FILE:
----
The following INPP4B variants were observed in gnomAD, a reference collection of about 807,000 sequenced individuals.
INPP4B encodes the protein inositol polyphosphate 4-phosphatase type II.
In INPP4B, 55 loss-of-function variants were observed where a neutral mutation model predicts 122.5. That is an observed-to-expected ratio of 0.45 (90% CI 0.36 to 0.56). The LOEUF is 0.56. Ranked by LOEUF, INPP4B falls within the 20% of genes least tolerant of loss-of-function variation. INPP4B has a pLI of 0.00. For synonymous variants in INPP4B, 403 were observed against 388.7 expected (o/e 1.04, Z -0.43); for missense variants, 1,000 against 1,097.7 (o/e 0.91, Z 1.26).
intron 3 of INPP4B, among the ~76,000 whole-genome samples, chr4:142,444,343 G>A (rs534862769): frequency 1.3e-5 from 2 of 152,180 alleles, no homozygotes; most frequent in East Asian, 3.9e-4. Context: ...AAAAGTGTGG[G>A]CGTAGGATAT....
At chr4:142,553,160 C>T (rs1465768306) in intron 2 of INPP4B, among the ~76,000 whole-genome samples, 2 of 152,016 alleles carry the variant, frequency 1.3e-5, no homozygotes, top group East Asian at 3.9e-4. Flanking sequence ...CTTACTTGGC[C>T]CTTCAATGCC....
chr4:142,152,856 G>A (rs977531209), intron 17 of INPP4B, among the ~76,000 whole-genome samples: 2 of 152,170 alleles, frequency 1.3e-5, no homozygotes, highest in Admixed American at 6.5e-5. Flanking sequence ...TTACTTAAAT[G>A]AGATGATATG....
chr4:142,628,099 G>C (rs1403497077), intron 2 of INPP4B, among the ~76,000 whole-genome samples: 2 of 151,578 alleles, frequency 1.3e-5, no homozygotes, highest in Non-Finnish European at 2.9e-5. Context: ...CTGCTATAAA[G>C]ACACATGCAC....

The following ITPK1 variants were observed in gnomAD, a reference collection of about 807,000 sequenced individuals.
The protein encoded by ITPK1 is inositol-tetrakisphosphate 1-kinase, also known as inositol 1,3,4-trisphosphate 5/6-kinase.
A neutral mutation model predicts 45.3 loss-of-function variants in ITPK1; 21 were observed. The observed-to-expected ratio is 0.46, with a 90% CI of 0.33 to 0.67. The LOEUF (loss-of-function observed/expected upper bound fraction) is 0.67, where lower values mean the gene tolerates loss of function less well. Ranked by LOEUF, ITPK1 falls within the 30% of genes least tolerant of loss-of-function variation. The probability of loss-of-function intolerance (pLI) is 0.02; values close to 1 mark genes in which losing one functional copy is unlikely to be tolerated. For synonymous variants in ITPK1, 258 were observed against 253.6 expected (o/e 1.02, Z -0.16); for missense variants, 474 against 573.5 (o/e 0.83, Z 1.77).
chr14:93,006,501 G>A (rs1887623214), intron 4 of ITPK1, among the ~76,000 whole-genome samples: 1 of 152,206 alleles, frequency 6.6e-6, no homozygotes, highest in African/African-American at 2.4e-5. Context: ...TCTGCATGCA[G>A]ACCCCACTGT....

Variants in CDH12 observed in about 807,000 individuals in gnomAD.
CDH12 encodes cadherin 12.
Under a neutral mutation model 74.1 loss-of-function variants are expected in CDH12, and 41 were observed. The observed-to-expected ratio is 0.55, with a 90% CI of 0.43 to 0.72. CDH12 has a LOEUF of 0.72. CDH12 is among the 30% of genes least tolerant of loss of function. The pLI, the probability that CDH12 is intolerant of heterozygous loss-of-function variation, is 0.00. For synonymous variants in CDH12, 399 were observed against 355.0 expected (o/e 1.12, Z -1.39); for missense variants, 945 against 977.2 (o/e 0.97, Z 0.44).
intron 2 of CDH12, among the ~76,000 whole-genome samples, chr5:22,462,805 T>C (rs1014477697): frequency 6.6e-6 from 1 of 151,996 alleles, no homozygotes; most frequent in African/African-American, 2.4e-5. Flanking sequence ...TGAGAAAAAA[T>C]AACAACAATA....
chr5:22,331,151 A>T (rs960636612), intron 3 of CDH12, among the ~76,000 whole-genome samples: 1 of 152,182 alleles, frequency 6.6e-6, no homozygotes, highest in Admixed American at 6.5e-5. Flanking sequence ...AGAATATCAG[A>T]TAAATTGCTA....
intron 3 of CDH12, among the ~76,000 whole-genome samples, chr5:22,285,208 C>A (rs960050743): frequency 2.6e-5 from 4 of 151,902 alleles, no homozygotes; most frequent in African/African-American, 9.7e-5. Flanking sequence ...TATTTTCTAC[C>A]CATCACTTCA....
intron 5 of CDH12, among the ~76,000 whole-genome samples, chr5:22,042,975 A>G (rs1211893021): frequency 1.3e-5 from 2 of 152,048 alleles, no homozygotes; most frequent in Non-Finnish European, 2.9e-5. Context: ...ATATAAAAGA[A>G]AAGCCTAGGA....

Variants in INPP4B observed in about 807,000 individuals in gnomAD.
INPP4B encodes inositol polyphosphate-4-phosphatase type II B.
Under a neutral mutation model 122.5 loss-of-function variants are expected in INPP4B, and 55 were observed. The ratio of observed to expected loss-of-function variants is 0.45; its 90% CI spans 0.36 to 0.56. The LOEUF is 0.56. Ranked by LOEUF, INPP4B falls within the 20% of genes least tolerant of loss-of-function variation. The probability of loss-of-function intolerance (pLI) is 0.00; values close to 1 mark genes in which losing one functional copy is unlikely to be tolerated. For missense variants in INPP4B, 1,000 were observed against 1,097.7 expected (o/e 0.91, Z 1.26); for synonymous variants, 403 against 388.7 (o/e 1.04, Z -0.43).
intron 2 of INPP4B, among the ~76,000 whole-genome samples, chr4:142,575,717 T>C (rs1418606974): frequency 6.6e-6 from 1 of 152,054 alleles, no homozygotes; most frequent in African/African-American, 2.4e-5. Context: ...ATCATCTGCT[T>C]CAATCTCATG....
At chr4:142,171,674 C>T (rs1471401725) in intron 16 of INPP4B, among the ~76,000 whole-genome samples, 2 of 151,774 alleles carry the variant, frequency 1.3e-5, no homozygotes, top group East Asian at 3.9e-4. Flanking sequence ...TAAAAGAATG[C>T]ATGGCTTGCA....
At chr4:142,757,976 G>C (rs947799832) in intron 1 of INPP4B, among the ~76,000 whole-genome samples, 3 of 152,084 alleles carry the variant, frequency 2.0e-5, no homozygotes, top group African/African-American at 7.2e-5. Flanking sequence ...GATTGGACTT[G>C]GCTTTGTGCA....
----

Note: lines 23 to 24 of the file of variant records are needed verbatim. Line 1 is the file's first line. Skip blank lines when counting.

At chr4:142,171,674 C>T (rs1471401725) in intron 16 of INPP4B, among the ~76,000 whole-genome samples, 2 of 151,774 alleles carry the variant, frequency 1.3e-5, no homozygotes, top group East Asian at 3.9e-4. Flanking sequence ...TAAAAGAATG[C>T]ATGGCTTGCA....
At chr4:142,757,976 G>C (rs947799832) in intron 1 of INPP4B, among the ~76,000 whole-genome samples, 3 of 152,084 alleles carry the variant, frequency 2.0e-5, no homozygotes, top group African/African-American at 7.2e-5. Flanking sequence ...GATTGGACTT[G>C]GCTTTGTGCA....